Gongol.com Archives: August 2016
August 10, 2016
"[T]he armistice is unraveling fast"
Fighting between Ukranian forces and rebels backed by the Russian government is escalating again. Dozens of civilians are being killed each month. This is a dangerous powderkeg, and it's in Europe.
A very good way to characterize Donald Trump's statements on economics. He clearly does not understand how something as abstract as the economy actually works; his inability to escape purely concrete subjects makes that self-evident. This is no minor issue: His Democratic opponent proposes significant new tax increases, but at least shows some grasp of the issue (even if her proposals are dreadfully expensive). The Johnson-Weld ticket gets it best, acknowledging the harm done by both badly-designed taxation and over-spending. Yet another reason the third ticket should appear at the debates.
China's political system continues to bunker down
Even though the country is trying desperately to benefit from economic openness, it appears that they're taking the opposite set of steps politically -- closing down pathways that had previously brought at least some outsiders into the political process. This kind of closing-down is going to have ramifications down the road -- just wait and see.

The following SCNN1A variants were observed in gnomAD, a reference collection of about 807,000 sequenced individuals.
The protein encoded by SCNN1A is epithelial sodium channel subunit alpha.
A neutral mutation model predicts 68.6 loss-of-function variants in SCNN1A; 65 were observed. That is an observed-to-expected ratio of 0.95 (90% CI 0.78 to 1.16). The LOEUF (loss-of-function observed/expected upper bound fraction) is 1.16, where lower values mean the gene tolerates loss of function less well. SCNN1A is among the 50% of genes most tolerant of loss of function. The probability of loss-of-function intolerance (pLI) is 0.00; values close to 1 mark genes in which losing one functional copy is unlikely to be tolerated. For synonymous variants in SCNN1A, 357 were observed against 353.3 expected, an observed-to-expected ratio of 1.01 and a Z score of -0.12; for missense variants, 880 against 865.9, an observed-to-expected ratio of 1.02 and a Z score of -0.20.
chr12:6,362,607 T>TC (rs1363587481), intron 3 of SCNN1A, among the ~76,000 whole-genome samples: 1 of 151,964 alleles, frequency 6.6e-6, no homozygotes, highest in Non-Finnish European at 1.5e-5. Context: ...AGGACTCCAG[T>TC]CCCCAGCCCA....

On the sexist language embedded deeply in sports
Worthwhile reading on a subject that doesn't always get adequate attention from serious people. There are lots of males who probably never give it a second thought, and a much smaller number of people who are really stoked up about it as a political issue. But in the ground between them should be a whole lot of people who may not be sports-obsessed nor politically activated, but who can still look at the subject and reasonably question why anything is a "women's" sport when we never call the corresponding event a "male" sport. To make the male sport the default in our language is something we should reconsider.
So maybe that's not how North America was originally settled
It's been conventional wisdom that people crossed the Bering land bridge and moved south through an ice-free gap between glaciers over northern Canada and those over much of British Columbia. But now some researchers think the first people to come to North America probably just hugged the Pacific coastline because there just wasn't any plant life available in the "ice-free corridor".